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Biden And Sanders Announce Task Forces To Find Party Unity Over Policy

Rep. Alexandria Ocasio-Cortez, seen here speaking at a campaign event for Bernie Sanders in March, has been named co-chair of a climate change task force to support party unity.
Jeff Kowalsky
AFP via Getty Images
Rep. Alexandria Ocasio-Cortez, seen here speaking at a campaign event for Bernie Sanders in March, has been named co-chair of a climate change task force to support party unity.

Presumptive Democratic presidential nominee Joe Biden and his chief primary rival Sen. Bernie Sanders, I-Vt., announced on Wednesday the members of a joint task force meant to unify the party ahead of November's general election, bringing together figures from different wings of the party, ranging from New York Rep. Alexandria Ocasio-Cortez to former Secretary of State John Kerry.

The news comes a month after Sanders joined Biden via video stream to endorse him. The pair pledged to create these task forces to focus on shared policy concerns.

"Now, it's no great secret out there, Joe, that you and I have our differences, and we're not going to paper them over; that's real," Sanders said at the time. "But I hope that these task forces will come together utilizing the best minds and people in your campaign and in my campaign to work out real solutions to these very, very important problems."

Sanders and Biden had clashed on the campaign trail over issues including health care and Social Security.

The task forces bring together prominent surrogates from both camps in an effort to shore up support from progressives who supported Sanders in the primary but are wary of the more centrist Biden.

Ocasio-Cortez, a prominent surrogate of Sanders, will co-chair the climate change group alongside Kerry, a longtime Biden supporter. There are five other task forces tackling criminal justice reform, the economy, education, health care and immigration.

The first-year progressive congresswoman has said she would vote for Biden but explained to NPR's Morning Edition last week why she hasn't fully endorsed him yet. "I think an endorsement means, you know, we have come to a place where we've developed a vision together not just for winning in November, but for getting our country to a better place," she said.

When Sanders, an independent who identifies as a democratic socialist, was leading the primary race, Republicans had hoped to label the Democrats broadly as a socialist party. The policy work with Sanders and allies like Ocasio-Cortez are reviving those efforts, with a GOP response to the news calling Biden "the bannerman for the socialist agenda."

House Progressive Caucus co-chair Rep. Pramila Jayapal, D-Wash., will co-chair the health care group alongside Vivek Murthy, who served as surgeon general during the Obama administration. Jayapal campaigned for Sanders in early primary states and supports "Medicare for All."

The health care task force also includes Dr. Donald Berwick, who served as administrator of the Centers for Medicare and Medicaid Services under President Obama.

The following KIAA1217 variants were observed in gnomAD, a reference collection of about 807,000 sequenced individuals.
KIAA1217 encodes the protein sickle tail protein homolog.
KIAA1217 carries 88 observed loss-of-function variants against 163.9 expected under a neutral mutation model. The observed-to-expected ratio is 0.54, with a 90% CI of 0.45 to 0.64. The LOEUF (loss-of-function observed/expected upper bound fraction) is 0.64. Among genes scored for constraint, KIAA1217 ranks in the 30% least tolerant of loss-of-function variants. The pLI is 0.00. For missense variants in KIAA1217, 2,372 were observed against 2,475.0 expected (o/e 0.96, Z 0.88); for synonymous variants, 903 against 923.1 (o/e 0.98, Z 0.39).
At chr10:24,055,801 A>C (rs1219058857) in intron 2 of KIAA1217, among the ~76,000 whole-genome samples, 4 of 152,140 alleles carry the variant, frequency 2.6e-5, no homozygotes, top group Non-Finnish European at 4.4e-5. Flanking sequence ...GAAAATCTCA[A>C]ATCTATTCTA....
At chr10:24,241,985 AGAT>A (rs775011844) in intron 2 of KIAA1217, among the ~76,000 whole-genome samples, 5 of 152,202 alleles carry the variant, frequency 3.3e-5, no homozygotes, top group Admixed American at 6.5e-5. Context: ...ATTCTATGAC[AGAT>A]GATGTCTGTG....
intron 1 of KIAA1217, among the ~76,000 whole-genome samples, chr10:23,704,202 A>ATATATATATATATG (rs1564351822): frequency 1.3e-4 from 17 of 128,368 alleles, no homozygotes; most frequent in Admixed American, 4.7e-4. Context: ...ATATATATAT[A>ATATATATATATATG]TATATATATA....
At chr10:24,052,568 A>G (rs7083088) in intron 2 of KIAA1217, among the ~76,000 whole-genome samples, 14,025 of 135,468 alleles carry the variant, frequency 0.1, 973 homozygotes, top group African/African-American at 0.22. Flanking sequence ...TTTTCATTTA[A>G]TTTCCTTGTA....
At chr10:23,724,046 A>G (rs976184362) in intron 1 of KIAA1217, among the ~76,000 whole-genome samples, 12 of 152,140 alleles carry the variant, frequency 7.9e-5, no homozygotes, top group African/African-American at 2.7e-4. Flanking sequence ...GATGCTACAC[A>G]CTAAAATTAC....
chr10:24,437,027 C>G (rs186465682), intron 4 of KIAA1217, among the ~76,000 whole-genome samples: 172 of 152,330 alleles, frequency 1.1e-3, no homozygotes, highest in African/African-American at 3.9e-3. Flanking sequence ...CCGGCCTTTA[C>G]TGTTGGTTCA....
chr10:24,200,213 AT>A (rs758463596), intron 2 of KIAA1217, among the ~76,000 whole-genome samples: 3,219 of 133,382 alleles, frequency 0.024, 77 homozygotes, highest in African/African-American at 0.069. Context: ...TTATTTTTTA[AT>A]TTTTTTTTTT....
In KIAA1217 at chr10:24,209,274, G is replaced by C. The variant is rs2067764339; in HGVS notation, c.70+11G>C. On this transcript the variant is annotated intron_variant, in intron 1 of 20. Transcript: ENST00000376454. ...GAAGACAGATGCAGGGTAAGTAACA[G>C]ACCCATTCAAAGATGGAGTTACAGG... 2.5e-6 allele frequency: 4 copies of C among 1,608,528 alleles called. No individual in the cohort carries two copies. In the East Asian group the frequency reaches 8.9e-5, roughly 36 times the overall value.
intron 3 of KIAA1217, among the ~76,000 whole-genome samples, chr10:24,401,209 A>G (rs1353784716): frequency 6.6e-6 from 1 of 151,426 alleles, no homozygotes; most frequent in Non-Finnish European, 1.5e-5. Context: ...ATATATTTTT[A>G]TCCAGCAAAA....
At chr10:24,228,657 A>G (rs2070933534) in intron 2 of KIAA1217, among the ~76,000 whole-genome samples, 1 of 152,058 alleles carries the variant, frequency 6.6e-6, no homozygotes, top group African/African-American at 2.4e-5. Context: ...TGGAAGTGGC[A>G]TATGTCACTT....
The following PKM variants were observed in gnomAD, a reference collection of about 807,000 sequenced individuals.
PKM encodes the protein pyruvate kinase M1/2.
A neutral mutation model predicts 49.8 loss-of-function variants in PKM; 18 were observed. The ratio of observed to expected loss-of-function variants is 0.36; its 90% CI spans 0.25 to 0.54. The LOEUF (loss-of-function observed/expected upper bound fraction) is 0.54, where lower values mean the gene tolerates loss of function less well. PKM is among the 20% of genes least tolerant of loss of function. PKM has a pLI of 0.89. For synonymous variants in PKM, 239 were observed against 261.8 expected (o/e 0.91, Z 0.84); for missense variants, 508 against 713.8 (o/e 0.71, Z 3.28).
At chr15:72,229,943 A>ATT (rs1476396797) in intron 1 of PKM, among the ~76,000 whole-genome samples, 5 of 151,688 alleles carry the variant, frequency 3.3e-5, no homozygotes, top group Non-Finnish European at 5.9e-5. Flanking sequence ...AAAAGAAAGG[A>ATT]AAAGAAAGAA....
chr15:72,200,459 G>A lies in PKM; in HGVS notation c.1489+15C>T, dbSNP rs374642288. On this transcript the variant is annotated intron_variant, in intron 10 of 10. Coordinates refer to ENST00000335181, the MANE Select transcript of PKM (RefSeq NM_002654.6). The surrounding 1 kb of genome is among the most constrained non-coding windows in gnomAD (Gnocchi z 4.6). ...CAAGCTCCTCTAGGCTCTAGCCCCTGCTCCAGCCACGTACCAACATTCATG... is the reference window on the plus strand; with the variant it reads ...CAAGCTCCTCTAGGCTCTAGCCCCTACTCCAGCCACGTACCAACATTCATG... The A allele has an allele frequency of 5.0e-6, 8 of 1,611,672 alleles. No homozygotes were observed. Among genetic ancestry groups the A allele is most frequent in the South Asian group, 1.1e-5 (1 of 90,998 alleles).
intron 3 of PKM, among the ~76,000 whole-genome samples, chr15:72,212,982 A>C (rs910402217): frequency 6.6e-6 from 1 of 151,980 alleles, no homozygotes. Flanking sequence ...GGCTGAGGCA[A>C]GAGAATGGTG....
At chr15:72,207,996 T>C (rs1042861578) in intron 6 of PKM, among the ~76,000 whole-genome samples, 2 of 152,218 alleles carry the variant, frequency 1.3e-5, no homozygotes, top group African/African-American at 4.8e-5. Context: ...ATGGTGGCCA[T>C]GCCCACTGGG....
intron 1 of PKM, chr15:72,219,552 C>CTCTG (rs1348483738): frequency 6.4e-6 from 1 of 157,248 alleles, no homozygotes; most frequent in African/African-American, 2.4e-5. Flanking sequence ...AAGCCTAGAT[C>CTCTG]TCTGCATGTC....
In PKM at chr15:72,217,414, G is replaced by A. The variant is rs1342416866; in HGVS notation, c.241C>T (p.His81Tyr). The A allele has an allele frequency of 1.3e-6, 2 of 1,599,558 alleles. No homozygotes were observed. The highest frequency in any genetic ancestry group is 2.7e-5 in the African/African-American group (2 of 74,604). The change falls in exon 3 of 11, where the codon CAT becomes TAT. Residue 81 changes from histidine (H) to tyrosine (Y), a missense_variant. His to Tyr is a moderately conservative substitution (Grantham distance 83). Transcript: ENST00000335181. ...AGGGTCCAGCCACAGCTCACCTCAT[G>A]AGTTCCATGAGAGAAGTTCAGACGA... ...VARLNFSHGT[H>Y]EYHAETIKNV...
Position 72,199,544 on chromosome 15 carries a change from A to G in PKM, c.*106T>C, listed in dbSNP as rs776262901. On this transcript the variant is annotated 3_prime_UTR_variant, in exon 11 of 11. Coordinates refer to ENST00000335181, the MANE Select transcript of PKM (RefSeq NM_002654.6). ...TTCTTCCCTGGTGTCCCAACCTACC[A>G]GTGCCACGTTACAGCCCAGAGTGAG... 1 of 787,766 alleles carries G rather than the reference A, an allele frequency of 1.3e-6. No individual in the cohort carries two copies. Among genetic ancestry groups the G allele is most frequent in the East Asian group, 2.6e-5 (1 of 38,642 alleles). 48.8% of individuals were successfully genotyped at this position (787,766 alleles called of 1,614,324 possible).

The immigration group is headed by Rep. Lucille Roybal-Allard, D-Calif., and Marielena Hincapié, executive director of the National Immigration Law Center, which backed Sanders' immigration policies during the primary.

Leading the economy task force is Sara Nelson, president of the Association of Flight Attendants, and Rep. Karen Bass, D-Calif. Bass is the chairwoman of the Congressional Black Caucus and endorsed Biden in early March. Nelson had joined Sanders for a virtual campaign event in March to discuss how the coronavirus pandemic was affecting her union members.

Chiraag Bains and Rep. Bobby Scott, D-Va., will lead the criminal justice reform group. Another prominent member of the criminal justice task force is former Attorney General Eric Holder, who served in the Obama administration.

Heather Gautney and Rep. Marcia Fudge, D-Ohio., will co-chair the education group. Fudge serves on the House Committee on Education and Labor and is a member of the Congressional Progressive Caucus. Gautney was a senior policy adviser to Sanders' presidential campaign.

In a statement, Biden underscored the need to unify the party: "From health care to reforming our justice system to rebuilding a more inclusive and fair economy, the work of the task forces will be essential to identifying ways to build on our progress and not simply turn the clock back to a time before Donald Trump, but transform our country."

In the same statement, Sanders echoed his sentiments during the campaign, urging the party to think "big, act boldly and fight to change the direction of our country."

"I commend Joe Biden for working together with my campaign to assemble a group of leading thinkers and activists who can and will unify our party in a transformational and progressive direction," Sanders said.

Copyright 2021 NPR. To see more, visit https://www.npr.org.

Barbara Sprunt is a producer on NPR's Washington desk, where she reports and produces breaking news and feature political content. She formerly produced the NPR Politics Podcast and got her start in radio at as an intern on NPR's Weekend All Things Considered and Tell Me More with Michel Martin. She is an alumnus of the Paul Miller Reporting Fellowship at the National Press Foundation. She is a graduate of American University in Washington, D.C., and a Pennsylvania native.

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